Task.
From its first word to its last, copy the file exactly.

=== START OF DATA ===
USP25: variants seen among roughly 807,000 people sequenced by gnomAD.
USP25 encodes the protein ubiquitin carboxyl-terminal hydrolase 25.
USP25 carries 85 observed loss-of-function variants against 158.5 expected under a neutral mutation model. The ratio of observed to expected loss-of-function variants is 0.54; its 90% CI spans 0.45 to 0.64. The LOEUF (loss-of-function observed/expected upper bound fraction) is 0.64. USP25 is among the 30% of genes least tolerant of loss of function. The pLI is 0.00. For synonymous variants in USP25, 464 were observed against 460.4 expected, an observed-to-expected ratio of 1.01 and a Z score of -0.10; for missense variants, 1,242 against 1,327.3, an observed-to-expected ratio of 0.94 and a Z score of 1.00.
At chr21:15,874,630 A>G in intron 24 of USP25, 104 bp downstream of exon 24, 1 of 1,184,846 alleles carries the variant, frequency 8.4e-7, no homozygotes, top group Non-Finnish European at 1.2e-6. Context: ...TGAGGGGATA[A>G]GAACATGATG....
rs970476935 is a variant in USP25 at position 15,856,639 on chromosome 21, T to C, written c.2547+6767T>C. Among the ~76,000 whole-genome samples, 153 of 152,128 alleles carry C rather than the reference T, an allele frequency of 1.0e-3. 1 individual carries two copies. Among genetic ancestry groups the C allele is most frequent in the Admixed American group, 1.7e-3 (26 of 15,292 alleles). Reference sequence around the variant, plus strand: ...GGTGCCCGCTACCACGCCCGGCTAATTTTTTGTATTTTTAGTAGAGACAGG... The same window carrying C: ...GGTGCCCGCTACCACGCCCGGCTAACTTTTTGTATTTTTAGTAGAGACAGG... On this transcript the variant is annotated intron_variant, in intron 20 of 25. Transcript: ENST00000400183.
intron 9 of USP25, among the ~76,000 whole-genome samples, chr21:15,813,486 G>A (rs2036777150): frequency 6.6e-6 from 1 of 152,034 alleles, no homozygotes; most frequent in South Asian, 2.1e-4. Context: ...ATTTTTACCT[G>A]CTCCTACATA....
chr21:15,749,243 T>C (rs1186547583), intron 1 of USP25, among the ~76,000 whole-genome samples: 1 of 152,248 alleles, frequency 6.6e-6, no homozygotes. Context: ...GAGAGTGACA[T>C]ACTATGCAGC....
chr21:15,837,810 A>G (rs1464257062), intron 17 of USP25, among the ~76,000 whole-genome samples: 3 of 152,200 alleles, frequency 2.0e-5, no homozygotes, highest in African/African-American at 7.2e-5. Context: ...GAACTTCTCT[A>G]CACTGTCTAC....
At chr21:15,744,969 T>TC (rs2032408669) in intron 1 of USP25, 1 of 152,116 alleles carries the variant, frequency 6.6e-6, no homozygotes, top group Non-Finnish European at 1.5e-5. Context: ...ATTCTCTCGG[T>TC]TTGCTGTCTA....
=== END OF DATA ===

USP25: variants seen among roughly 807,000 people sequenced by gnomAD.
USP25 encodes the protein ubiquitin carboxyl-terminal hydrolase 25.
USP25 carries 85 observed loss-of-function variants against 158.5 expected under a neutral mutation model. The ratio of observed to expected loss-of-function variants is 0.54; its 90% CI spans 0.45 to 0.64. The LOEUF (loss-of-function observed/expected upper bound fraction) is 0.64. USP25 is among the 30% of genes least tolerant of loss of function. The pLI is 0.00. For synonymous variants in USP25, 464 were observed against 460.4 expected, an observed-to-expected ratio of 1.01 and a Z score of -0.10; for missense variants, 1,242 against 1,327.3, an observed-to-expected ratio of 0.94 and a Z score of 1.00.
At chr21:15,874,630 A>G in intron 24 of USP25, 104 bp downstream of exon 24, 1 of 1,184,846 alleles carries the variant, frequency 8.4e-7, no homozygotes, top group Non-Finnish European at 1.2e-6. Context: ...TGAGGGGATA[A>G]GAACATGATG....
rs970476935 is a variant in USP25 at position 15,856,639 on chromosome 21, T to C, written c.2547+6767T>C. Among the ~76,000 whole-genome samples, 153 of 152,128 alleles carry C rather than the reference T, an allele frequency of 1.0e-3. 1 individual carries two copies. Among genetic ancestry groups the C allele is most frequent in the Admixed American group, 1.7e-3 (26 of 15,292 alleles). Reference sequence around the variant, plus strand: ...GGTGCCCGCTACCACGCCCGGCTAATTTTTTGTATTTTTAGTAGAGACAGG... The same window carrying C: ...GGTGCCCGCTACCACGCCCGGCTAACTTTTTGTATTTTTAGTAGAGACAGG... On this transcript the variant is annotated intron_variant, in intron 20 of 25. Transcript: ENST00000400183.
intron 9 of USP25, among the ~76,000 whole-genome samples, chr21:15,813,486 G>A (rs2036777150): frequency 6.6e-6 from 1 of 152,034 alleles, no homozygotes; most frequent in South Asian, 2.1e-4. Context: ...ATTTTTACCT[G>A]CTCCTACATA....
chr21:15,749,243 T>C (rs1186547583), intron 1 of USP25, among the ~76,000 whole-genome samples: 1 of 152,248 alleles, frequency 6.6e-6, no homozygotes. Context: ...GAGAGTGACA[T>C]ACTATGCAGC....
chr21:15,837,810 A>G (rs1464257062), intron 17 of USP25, among the ~76,000 whole-genome samples: 3 of 152,200 alleles, frequency 2.0e-5, no homozygotes, highest in African/African-American at 7.2e-5. Context: ...GAACTTCTCT[A>G]CACTGTCTAC....
At chr21:15,744,969 T>TC (rs2032408669) in intron 1 of USP25, 1 of 152,116 alleles carries the variant, frequency 6.6e-6, no homozygotes, top group Non-Finnish European at 1.5e-5. Context: ...ATTCTCTCGG[T>TC]TTGCTGTCTA....